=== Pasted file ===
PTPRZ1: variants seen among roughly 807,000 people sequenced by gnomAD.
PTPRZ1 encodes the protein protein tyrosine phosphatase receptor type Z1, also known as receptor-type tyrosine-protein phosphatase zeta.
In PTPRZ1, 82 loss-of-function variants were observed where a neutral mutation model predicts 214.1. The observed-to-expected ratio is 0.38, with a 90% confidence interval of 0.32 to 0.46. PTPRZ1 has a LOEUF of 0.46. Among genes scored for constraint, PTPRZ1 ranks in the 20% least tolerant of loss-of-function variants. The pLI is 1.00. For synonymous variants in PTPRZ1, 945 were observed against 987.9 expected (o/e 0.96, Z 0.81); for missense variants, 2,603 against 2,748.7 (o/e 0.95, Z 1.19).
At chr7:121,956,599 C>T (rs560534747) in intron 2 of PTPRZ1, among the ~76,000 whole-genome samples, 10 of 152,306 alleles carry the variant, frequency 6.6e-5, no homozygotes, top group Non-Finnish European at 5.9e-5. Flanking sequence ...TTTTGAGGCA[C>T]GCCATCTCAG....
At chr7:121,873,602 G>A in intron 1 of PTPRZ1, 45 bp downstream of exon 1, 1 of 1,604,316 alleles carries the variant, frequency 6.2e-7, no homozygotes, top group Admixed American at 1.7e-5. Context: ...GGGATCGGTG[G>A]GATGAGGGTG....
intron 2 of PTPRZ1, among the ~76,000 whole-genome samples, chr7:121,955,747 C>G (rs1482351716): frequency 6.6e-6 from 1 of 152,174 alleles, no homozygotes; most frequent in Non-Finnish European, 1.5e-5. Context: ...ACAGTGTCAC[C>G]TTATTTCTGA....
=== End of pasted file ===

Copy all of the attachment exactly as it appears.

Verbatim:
PTPRZ1: variants seen among roughly 807,000 people sequenced by gnomAD.
PTPRZ1 encodes the protein protein tyrosine phosphatase receptor type Z1, also known as receptor-type tyrosine-protein phosphatase zeta.
In PTPRZ1, 82 loss-of-function variants were observed where a neutral mutation model predicts 214.1. The observed-to-expected ratio is 0.38, with a 90% confidence interval of 0.32 to 0.46. PTPRZ1 has a LOEUF of 0.46. Among genes scored for constraint, PTPRZ1 ranks in the 20% least tolerant of loss-of-function variants. The pLI is 1.00. For synonymous variants in PTPRZ1, 945 were observed against 987.9 expected (o/e 0.96, Z 0.81); for missense variants, 2,603 against 2,748.7 (o/e 0.95, Z 1.19).
At chr7:121,956,599 C>T (rs560534747) in intron 2 of PTPRZ1, among the ~76,000 whole-genome samples, 10 of 152,306 alleles carry the variant, frequency 6.6e-5, no homozygotes, top group Non-Finnish European at 5.9e-5. Flanking sequence ...TTTTGAGGCA[C>T]GCCATCTCAG....
At chr7:121,873,602 G>A in intron 1 of PTPRZ1, 45 bp downstream of exon 1, 1 of 1,604,316 alleles carries the variant, frequency 6.2e-7, no homozygotes, top group Admixed American at 1.7e-5. Context: ...GGGATCGGTG[G>A]GATGAGGGTG....
intron 2 of PTPRZ1, among the ~76,000 whole-genome samples, chr7:121,955,747 C>G (rs1482351716): frequency 6.6e-6 from 1 of 152,174 alleles, no homozygotes; most frequent in Non-Finnish European, 1.5e-5. Context: ...ACAGTGTCAC[C>G]TTATTTCTGA....